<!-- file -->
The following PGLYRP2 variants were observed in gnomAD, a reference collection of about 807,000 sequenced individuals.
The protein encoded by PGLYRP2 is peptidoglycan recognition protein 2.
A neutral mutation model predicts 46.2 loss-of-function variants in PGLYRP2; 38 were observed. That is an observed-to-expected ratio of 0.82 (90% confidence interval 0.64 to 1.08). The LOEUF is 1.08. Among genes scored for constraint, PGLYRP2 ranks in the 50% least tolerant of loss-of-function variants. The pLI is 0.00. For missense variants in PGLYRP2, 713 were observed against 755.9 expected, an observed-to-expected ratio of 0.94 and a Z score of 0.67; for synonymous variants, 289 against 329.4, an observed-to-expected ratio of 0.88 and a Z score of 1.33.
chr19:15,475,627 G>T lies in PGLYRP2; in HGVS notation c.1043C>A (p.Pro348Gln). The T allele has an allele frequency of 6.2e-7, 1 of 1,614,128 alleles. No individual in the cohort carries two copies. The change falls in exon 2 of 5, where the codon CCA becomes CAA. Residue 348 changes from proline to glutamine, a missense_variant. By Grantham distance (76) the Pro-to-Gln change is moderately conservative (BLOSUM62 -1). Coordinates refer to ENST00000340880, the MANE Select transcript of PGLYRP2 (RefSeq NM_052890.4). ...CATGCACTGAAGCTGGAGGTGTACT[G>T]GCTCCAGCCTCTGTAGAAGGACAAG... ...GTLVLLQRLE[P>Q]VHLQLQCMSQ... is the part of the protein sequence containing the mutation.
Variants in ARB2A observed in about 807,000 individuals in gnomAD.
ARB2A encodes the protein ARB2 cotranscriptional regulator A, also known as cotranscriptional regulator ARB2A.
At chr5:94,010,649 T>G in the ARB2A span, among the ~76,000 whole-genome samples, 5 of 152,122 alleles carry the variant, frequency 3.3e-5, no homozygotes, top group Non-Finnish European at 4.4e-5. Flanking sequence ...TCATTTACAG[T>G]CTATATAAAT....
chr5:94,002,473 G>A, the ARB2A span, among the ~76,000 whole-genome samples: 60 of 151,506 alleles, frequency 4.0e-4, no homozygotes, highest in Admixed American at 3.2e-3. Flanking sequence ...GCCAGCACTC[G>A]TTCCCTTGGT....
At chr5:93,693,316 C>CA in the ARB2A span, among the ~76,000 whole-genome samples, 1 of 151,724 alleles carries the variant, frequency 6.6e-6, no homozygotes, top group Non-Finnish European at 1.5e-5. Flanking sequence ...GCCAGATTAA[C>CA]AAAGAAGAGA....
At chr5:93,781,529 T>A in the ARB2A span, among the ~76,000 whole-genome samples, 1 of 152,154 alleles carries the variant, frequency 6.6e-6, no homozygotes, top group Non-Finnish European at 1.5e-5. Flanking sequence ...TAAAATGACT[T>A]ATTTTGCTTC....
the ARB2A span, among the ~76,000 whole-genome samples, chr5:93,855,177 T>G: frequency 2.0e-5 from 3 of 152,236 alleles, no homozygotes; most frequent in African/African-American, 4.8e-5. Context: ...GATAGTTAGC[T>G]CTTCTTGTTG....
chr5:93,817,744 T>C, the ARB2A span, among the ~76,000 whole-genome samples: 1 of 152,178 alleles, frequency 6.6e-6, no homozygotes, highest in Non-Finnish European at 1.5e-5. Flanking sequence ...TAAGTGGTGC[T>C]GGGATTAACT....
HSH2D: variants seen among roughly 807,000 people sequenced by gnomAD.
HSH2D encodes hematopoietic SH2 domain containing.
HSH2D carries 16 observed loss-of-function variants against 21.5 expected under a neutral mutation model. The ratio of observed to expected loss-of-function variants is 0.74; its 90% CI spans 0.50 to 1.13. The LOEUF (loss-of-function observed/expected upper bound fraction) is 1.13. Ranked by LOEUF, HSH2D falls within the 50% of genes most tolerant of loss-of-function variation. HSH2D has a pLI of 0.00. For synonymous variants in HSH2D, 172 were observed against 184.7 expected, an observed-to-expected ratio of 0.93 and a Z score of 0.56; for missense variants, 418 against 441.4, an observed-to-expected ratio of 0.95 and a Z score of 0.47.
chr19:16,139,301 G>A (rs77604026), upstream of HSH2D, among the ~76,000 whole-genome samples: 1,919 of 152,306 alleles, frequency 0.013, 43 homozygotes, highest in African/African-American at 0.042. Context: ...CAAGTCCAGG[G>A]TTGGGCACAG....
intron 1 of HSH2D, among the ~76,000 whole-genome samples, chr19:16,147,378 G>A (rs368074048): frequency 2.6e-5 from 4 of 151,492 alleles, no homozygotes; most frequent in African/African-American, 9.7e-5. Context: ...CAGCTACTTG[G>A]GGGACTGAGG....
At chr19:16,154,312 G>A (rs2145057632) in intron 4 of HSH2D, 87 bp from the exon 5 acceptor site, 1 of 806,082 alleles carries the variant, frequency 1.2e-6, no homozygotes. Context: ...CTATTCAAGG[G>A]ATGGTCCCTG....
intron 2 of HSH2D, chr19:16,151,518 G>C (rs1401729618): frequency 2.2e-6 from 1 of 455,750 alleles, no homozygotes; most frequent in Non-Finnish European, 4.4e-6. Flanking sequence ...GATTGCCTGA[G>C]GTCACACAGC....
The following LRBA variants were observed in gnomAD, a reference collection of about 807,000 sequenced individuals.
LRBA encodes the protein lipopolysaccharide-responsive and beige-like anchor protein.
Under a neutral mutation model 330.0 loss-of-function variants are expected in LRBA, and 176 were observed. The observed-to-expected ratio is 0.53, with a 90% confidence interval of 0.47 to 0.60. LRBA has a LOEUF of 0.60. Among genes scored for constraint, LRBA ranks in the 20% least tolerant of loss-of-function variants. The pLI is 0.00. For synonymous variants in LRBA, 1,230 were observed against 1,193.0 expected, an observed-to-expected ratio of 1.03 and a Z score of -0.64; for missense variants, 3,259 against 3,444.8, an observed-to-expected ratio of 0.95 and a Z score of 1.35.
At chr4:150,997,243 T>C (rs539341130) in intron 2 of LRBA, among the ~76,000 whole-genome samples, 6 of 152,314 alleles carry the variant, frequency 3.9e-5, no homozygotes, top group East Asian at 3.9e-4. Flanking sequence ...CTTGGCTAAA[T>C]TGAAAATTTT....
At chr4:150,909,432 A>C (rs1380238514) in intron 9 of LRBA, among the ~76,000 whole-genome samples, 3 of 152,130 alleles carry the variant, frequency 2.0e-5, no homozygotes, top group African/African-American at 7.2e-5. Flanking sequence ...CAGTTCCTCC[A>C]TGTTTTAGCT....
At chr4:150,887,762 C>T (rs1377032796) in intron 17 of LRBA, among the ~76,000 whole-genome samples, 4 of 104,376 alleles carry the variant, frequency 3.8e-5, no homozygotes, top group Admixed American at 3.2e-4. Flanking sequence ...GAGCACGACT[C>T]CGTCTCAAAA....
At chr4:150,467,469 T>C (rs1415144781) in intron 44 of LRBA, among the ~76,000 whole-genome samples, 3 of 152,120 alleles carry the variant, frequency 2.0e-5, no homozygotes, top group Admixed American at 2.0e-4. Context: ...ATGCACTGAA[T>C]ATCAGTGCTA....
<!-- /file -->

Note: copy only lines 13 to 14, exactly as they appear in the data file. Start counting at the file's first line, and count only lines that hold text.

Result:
HSH2D: variants seen among roughly 807,000 people sequenced by gnomAD.
HSH2D encodes hematopoietic SH2 domain containing.